UP Assembly Election 2017: In Phase-III, trends point to Akhilesh Yadav, but voters seem amenable to BJP too
Akhilesh has used the development card to the hilt during his campaign across the state, often highlighting his work in and around Lucknow
A fresh wave of political bickering is likely to take over the political battlefield in Uttar Pradesh as third phase of polling came to an end, and extensive campaigning for the fourth phase reached its pinnacle.
While voter turnout remained relatively low with only around 62 percent voters turning up to polling booths, politicos upped the ante in the electioneering for the next phase. Fresh barbs were traded at election rallies for the fourth phase and all eyes remained fixed on the high-stake competition in Lucknow and the Yadav bastion of Mainpuri-Etawah belt. The entire Yadav clan was also under intense public scrutiny for any signs of distress within the family as they cast their vote. Stray incidents of violence — firing, preventing some from voting and stone pelting — were reported from some places though voting was by and large peaceful in most constituencies.
Here are the key highlights from the day:
As many as 69 Assembly constituencies in the Yadav heartland, considered crucial for the ruling Samajwadi Party in the state, went to the polls in the third phase of the ongoing polls. Voter turnout, however, remained low at 61.16-percent. But it was slightly higher than the turnout observed in the 2012 Assembly (59.96 percent) and 2014 Lok Sabha polls (58.43 percent). The polling percentage was observed at 64.2 percent in the ongoing election, whereas in the second phase voter turnout was little over 65 percent.
UP Chief Electoral Officer T Venkatesh said that the exercise was held by and large peacefully in this phase, adding that tight security arrangements were put in place at all the 25,603 polling booths.
Polling in this phase began slowly but picked up pace, later. There were reports of minor skirmishes between the supporters of the candidates at some polling booths.
In the 2012 Assembly polls, the SP had won 55 of these 69 seats, while the BSP, BJP and Congress had secured only six, five and two seats respectively. One seat was won by an Independent candidate.
There were 826 candidates in the fray in the third phase whose fate will be decided by 2.41 crore voters, including 1.10 crore women and 1,026 people belonging to the "third gender" category.
Apart from SP strongholds — Kannauj, Mainpuri and Etawah — Lucknow (the Lok Sabha constituency of Rajnath Singh), Farrukhabad, Hardoi, Auraiya, Kanpur Dehat, Kanpur, Unnao, Barabanki and Sitapur were among the 12 districts where polling was held on Sunday.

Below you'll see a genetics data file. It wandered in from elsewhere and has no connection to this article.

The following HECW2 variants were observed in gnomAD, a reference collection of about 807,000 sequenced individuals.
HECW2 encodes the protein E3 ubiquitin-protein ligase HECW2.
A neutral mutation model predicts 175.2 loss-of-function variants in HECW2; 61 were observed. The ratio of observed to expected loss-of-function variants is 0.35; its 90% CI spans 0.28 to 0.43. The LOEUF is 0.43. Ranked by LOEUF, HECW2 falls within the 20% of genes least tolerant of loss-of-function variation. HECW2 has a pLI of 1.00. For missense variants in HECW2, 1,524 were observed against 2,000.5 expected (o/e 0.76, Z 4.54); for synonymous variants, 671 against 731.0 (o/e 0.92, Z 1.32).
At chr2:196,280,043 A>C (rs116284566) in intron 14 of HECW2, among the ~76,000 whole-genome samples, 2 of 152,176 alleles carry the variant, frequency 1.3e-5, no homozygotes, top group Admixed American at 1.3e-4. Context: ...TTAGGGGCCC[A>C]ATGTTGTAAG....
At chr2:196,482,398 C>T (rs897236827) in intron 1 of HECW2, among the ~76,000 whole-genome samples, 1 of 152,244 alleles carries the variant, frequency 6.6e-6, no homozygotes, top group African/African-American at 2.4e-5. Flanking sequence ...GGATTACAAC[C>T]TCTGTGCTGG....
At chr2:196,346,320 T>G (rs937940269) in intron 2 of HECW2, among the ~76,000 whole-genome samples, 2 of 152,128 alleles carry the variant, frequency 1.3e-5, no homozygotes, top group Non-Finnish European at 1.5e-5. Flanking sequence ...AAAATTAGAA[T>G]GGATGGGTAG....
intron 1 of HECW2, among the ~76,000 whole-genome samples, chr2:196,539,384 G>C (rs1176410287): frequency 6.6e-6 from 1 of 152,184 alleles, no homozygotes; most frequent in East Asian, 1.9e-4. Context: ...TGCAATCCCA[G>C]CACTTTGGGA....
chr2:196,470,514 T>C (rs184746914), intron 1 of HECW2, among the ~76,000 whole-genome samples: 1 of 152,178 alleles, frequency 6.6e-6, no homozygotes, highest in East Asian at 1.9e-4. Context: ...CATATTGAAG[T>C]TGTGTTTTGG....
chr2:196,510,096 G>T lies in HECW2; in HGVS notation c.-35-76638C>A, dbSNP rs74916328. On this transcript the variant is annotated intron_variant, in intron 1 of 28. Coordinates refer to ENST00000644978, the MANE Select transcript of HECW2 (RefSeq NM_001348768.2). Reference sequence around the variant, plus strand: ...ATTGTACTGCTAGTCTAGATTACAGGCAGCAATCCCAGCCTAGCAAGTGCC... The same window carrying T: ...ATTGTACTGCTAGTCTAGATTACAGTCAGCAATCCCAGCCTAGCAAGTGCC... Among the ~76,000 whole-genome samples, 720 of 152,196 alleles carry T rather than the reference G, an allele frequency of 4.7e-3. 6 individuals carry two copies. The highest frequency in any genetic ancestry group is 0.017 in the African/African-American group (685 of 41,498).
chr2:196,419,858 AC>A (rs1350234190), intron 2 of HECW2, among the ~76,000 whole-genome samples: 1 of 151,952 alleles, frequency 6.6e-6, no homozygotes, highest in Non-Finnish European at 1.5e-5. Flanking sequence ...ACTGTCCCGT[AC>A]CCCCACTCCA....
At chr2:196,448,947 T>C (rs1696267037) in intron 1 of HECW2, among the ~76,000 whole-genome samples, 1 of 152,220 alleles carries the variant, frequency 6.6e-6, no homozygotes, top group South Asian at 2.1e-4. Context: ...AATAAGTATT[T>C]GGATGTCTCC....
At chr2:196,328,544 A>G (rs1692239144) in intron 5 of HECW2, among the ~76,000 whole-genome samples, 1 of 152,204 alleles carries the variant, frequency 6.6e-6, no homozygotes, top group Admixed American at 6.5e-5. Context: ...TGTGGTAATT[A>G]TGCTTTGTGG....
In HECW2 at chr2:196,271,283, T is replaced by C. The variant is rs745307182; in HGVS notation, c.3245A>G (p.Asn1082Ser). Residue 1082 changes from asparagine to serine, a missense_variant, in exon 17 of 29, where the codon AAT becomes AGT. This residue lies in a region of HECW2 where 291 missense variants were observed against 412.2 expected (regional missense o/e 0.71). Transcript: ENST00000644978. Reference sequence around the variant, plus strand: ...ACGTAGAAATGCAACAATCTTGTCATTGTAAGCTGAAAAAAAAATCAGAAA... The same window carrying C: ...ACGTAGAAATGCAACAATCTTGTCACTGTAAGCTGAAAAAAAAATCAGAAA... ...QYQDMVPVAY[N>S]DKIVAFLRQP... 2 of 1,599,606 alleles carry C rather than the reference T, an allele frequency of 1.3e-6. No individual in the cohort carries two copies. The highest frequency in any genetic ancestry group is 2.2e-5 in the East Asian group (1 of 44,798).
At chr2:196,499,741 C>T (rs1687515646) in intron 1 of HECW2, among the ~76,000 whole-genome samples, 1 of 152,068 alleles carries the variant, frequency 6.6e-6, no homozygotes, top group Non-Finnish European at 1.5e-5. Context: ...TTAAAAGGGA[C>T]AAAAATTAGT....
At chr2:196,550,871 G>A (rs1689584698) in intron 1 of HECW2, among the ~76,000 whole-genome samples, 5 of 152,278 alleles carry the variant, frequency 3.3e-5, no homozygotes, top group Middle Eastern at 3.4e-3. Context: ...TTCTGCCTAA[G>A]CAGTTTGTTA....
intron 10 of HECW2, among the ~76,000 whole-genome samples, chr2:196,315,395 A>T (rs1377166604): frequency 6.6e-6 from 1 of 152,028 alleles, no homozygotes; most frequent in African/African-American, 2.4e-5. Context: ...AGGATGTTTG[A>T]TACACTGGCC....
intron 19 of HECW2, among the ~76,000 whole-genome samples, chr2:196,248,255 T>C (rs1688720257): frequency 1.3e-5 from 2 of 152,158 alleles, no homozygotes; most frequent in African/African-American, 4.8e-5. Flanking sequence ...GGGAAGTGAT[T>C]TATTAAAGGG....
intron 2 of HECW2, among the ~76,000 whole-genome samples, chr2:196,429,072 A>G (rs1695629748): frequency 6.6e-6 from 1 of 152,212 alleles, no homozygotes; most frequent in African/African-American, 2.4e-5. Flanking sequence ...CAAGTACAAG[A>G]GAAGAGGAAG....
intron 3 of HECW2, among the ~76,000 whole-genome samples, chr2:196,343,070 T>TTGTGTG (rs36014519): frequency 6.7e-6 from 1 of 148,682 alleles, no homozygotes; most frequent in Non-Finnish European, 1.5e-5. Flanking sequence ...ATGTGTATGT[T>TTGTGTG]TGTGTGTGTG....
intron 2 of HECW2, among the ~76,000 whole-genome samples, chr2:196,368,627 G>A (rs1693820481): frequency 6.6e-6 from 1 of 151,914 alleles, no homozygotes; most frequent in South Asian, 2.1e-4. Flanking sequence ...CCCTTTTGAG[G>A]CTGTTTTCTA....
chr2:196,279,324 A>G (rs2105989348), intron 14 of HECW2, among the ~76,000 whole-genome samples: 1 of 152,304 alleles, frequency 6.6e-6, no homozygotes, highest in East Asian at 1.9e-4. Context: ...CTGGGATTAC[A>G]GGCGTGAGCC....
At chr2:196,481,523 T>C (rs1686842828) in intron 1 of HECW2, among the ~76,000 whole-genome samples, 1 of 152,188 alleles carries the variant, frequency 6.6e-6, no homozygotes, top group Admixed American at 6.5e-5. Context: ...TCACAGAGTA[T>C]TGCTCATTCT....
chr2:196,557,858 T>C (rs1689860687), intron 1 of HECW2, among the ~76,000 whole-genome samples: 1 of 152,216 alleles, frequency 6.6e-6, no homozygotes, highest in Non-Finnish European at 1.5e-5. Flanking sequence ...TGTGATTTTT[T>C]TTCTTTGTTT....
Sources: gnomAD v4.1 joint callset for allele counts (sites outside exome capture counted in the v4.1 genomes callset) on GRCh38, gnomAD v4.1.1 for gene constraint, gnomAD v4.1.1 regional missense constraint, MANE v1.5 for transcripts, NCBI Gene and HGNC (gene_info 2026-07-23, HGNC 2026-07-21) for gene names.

Etawah is the native place of SP patriarch Mulayam Singh Yadav, while another key district is Mainpuri, which is represented in Parliament by SP's Tej Pratap Yadav. Dimple Yadav, the wife of Akhilesh, is the MP from Kannauj.
In the third phase, the maximum of 4,98,573 voters exercised their franchise in the Sarojini Nagar seat in Lucknow, while the minimum of 2,72,294 voters were exercised in Sisamau. The highest number of 21 candidates were in Etawah and the minimum of three in Haidergarh (Barabanki). Lucknow West and Central had 17 candidates each.
Prominent among those, whose prestige is at stake, are Nitin Agarwal, son of SP leader Naresh Agarwal (from Hardoi), BSP turncoat Brijesh Pathak from Lucknow (Central) on a BJP ticket and Congress turncoat Rita Bahuguna Joshi (now in BJP), who is pitted against Mulayam's daughter-in-law Aparna Yadav from Lucknow Cantt. SP leader Shivpal too is a key figure in this round. He is contesting from Jaswantnagar.
Congress leader PL Punia's son Tanuj Punia is trying his luck from the Jaidpur seat in Barabanki. Interestingly, the much-vaunted 'kaam bolta hai' (work speaks) slogan of Akhilesh faced a litmus test in the battle of ballots in the state capital, the crucible of his dream projects.
Akhilesh has used the development card to the hilt during his campaign across the state, often highlighting his work in and around Lucknow, the city of Nawabs, doing away with the traditional SP politics that hinged on caste equations and dependence on the "M-Y" (Muslim-Yadav) factor.
Which way the youth vote will swing
Akhilesh remained a clear favourite among most of the youngsters Firstpost spoke to. Youngsters from across party lines said that the government's scheme to distribute laptops and scholarships benefited them. Female students also lauded "Akhilesh bhaiya" for Kanya Vidya Dhan scheme. Predominantly, the mood was that at least the youth is ready to buy the development dream being sold by the Samajwadi Party.
Even a sizeable majority of BJP-leaning youngsters weren't critical of Akhilesh but preferred Modi's credibility over him.